·Time Warner Cable
Roger Grimes is always a good source for a laugh or a point of serious contention.
"Few people understand the yearning for a security panacea like I do. After all, I've been a security consultant for 25-plus years -- I wish there was a magic solution! That way, I wouldn't have to keep repeating myself and telling clients to take care of the basics over and over. They never do, so I keep talking until I'm hoarse."
Roger, if after 25 years of repeating yourself over & over only to fall on deaf ears maybe the problem is with what you're saying??
"Nevertheless, the security industry keeps coming up with solutions that masquerade as magic bullets. In fact, the five defenses I describe here all have value -- but none of them are game-changers, despite the heavy hype.".
That is not consistent with your headline: "5 hot security defenses that don't deliver"
Which statement was assisted with auto-fill?
I vote for both of them because you're the only person I've seen calling these security layers "magic bullets".
Security dud No. 1: Two-factor authentication
Rarely a week goes by without a service provider mentioning it now offers two-factor authentication (2FA). This includes a who's-who in major service offerings such as Amazon Web Services, Dropbox, Facebook, Google, and Microsoft, to name a few. Better authentication can't hurt security, but it isn't a panacea for our larger computer crime issues, despite the legions who appear to believe that 2FA alone can save them."
the fuck besides YOU has called two-factor authentication a panacea for anything?
You specifically mention "Amazon Web Services, Dropbox, Facebook, Google, and Microsoft"
Can you show even one example of 'anyone' from any of these outfits that have called two-factor authentication a security panacea.
You won't because you can't - you made that up so that you could 'expose' the truth.
Like an arsonist being the hero by sounding the alarm.
"Unfortunately, most computer crime is committed by bad guys who've compromised the victim's legitimate device by taking advantage of unpatched software or inducing the user to unknowingly execute a Trojan. Call it a man-in-the-endpoint attack"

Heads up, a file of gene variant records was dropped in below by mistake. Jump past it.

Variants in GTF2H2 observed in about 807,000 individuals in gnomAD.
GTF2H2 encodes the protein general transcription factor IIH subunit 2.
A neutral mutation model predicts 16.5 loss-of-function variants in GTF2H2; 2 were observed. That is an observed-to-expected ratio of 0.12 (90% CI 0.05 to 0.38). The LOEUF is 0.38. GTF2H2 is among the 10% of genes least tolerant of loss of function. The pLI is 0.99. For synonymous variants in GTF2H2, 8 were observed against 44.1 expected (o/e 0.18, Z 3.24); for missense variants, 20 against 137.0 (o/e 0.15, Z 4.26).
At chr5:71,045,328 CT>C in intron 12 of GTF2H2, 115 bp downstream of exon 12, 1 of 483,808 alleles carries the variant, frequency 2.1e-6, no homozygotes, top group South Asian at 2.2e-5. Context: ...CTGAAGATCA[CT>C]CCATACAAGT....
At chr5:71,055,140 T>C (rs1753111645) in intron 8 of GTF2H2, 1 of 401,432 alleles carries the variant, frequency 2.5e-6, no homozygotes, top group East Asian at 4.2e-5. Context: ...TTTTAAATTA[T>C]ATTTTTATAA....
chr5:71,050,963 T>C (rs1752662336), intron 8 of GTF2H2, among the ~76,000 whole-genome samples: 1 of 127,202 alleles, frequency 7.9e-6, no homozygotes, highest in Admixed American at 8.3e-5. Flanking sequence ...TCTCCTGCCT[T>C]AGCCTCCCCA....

Well ya, it is called a "man-in-the-endpoint attack" what else would it be called??
Besides, with a man-in-the-endpoint attack two-factor authentication can slow a bad guy down or even prevent an authentication abuse.
"Attackers then use the user's legitimate access for bad acts. Unfortunately, 2FA can't change that; in fact, 2FA has been shown to be useless in endpoint attacks over and over."
Over and over, over and over, over and over is still not the same thing as "always".
It's a frigging layer, not the panacea you are trying to make it out to be.
"The scenario goes like this:
The bad guy exploits the legitimate user's computer, often through unpatched software or via Trojan. The user logs in using 2FA to their computer or remote service. The bad guy then piggybacks on that legitimate, authorized access to do malicious things
you have a deadline but rather than work at finding a credible security issue you make up BS quotes staying out of legal issues by never actually providing the source of your own quotes, toss in widely recognized brands for credibility then add facts that were published in 2007 as if their new.
Raise the bar dude.
|reply to daveinpoway |
"If it was made by human hands, it can be broken by human hands" -- Me, on security...
Good "on the other hand...." article, 'specially when the Boss comes in eyes aglitter saying "we need one of these..."